That’s about the only suspense in this film until the two leads finally appear, Ranveer’s nipple bouncing alarmingly.

    Everything goes further downhill from there. These are protagonists who wear white pants with red hearts on the bottom, and yet this film doesn’t pick up on opportunities for irony or kitsch.

    Calling it a throwback seems insulting enough; imagine the Once Upon A Time In Mumbai films without Ajay Devgan, Emraan Hashmi and Akshay Kumar.

    That’s what Gunday is. And Ali Abbas Zafar should have his directorial license revoked for daring to end this godawful film with a Butch Cassidy And The Sundance Kid finish.

    Rating: Half Star out of 5 Stars.

  3. sputnik 10 years ago

    Gunday Movie Review by Rajeev Masand

    Rating: 2

    February 14, 2014

    Cast: Ranveer Singh, Arjun Kapoor, Priyanka Chopra, Irrfan Khan

    Director: Ali Abbas Zafar

    The nostalgia that Gunday evokes is unmistakably 70s Bollywood. From its best-friends-versus-the-world premise to clap-trap dialogues delivered with clenched teeth and flared nostrils, to the messy hand-to-hand fight scenes…the ingredients are certainly in place. For a while, the film succeeds in grabbing your attention too with its striking period detail and some nicely mounted scenes. But rolling out at 2 hours and 34 minutes, it can’t help feeling like a slog.

    Ranveer Singh and Arjun Kapoor are Bikram and Bala respectively, two buddies who were displaced as kids after the Bangladesh Liberation War in 1971. Fearless and pushed to the wrong side of the tracks, they return to Calcutta becoming petty coal thieves, and then quickly go on to control the local black market. A senior cop (Irrfan Khan) is transferred to the city to “break them”, even as a pretty cabaret dancer (Priyanka Chopra) becomes the object of both their affection, predictably driving a wedge in their seemingly unshakeable friendship.

    It’s all formulaic stuff, and director Ali Abbas Zafar cheerfully pilfers bits and bobs from the best of 70s Bollywood, including Sholay, Deewar, and the Yash Raj banner’s own Kaala Patthar. He gives us slo-mo entries for the protagonists, heroes who swear undying friendship, lofty lines peppered with keywords like jigar and zameer, and just about everything that you’ve seen a hundred times before. The problem with Gunday isn’t only that it’s derivative, but also tediously boring.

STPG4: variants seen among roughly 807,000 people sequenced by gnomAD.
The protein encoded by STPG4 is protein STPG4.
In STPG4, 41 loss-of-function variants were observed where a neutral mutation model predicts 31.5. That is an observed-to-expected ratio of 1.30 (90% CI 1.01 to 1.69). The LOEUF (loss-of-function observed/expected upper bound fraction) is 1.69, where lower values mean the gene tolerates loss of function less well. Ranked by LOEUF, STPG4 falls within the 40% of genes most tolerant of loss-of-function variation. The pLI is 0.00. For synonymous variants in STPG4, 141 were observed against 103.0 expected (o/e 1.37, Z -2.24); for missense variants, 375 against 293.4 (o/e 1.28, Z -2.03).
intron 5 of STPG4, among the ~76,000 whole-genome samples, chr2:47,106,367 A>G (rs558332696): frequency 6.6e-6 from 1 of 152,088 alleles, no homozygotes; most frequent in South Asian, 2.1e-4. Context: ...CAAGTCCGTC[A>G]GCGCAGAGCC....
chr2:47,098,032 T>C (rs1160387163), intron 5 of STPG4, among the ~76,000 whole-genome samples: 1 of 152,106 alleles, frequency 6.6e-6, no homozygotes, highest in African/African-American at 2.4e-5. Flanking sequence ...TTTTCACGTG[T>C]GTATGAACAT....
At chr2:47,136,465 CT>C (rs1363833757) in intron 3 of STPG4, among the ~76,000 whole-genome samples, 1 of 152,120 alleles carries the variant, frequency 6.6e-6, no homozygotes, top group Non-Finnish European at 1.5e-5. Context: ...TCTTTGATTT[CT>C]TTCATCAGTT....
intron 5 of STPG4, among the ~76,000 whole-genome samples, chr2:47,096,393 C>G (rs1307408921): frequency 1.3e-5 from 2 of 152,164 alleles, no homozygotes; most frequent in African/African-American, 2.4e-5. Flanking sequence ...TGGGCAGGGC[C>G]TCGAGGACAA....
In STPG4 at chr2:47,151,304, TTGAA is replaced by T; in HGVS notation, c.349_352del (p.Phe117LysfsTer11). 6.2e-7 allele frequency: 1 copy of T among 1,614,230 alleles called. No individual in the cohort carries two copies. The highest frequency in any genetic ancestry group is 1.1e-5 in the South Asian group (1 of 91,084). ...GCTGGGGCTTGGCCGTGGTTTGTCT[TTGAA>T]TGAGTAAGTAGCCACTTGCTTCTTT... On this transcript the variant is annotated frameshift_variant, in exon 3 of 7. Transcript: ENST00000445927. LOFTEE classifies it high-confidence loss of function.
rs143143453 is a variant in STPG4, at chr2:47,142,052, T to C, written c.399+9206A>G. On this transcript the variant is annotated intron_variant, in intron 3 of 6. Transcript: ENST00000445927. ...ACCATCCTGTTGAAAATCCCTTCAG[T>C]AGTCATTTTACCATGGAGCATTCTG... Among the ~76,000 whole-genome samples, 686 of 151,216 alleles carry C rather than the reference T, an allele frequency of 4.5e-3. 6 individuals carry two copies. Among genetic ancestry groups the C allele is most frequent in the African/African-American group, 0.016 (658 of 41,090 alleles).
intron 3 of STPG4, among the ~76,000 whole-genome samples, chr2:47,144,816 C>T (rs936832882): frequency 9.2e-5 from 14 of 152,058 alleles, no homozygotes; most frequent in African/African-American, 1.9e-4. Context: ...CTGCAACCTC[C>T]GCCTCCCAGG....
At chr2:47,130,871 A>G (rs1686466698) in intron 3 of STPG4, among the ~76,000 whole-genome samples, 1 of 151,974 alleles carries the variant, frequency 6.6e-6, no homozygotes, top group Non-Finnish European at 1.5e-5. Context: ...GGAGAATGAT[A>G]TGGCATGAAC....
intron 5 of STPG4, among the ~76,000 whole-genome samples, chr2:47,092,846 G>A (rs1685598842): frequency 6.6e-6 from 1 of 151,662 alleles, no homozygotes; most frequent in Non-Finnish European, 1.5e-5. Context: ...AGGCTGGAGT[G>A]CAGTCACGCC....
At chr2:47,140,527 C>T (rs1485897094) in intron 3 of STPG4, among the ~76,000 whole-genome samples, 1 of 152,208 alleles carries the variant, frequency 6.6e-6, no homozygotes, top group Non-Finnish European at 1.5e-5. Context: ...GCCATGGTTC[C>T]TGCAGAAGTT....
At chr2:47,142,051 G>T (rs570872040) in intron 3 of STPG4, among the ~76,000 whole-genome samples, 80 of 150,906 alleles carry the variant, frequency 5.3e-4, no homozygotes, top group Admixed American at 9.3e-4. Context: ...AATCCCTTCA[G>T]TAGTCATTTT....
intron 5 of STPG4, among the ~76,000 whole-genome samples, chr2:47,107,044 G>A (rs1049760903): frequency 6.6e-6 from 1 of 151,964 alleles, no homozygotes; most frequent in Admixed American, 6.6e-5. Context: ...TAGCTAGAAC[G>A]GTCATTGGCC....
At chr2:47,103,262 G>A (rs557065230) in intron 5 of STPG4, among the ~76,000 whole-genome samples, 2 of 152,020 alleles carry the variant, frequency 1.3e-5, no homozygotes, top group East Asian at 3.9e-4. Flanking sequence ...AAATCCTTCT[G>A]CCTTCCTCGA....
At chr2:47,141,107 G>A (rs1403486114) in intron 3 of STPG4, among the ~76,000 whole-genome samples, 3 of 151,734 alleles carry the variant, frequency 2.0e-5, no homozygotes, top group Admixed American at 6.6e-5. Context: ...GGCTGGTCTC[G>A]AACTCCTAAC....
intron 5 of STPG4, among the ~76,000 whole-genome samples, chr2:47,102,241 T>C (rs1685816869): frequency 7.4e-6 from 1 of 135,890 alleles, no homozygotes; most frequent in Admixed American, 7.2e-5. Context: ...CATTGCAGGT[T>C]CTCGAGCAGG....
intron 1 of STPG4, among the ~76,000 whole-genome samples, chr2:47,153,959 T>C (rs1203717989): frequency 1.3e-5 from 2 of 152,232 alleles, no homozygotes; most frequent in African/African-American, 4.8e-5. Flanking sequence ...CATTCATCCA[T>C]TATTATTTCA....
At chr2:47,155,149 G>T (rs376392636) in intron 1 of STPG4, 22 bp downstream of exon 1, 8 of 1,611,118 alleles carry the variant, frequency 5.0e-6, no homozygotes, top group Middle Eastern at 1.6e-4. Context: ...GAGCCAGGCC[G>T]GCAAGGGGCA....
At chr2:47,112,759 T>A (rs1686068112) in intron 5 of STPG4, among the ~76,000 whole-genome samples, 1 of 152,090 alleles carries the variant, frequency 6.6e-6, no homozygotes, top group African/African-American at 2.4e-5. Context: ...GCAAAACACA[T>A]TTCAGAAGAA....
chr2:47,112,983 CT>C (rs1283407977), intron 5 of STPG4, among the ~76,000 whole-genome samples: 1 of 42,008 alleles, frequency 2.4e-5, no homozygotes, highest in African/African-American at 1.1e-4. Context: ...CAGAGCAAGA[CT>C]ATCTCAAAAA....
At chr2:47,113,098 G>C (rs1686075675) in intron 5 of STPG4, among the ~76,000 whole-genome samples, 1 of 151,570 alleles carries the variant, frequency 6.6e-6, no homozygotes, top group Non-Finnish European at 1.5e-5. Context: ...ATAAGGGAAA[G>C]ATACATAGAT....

The film’s leading men too, although unquestionably sincere, don’t have the sheer machismo or the sex appeal of such action stars as Amitabh Bachchan and Vinod Khanna in the seventies. Don’t get me wrong: Ranveer Singh and Arjun Kapoor sportingly strip down to flaunt their waxed and oiled chests in what turns into an unintentionally comical action scene. The camera caresses their gleaming torsos as they land blows on each other in slo-mo (again!), the whole sequence looking like a deodrant commercial.

    Priyanka Chopra is annoyingly coquettish in her early scenes, but quickly finds her groove, and a few solid scenes to show what she’s got. Expectedly, it’s Irrfan Khan who leaves the lasting impression. Whether plotting against his prey, or reminding another officer not to mix feelings with duty, he chews up the scenery every time he’s on screen.

    Gunday isn’t unwatchable, but it’s certainly a case of potential squandered. The film has an authentic look and feel of 70s Calcutta, some robust cinematography, and a few good tunes. It’s also got two live-wire leading men whose on-screen chemistry sadly isn’t mined for enough laughs.

    I’m going with two out of five for director Ali Abbas Zafar’s Gunday. Watching it is a lot like eating the same thing for dinner four times in a week.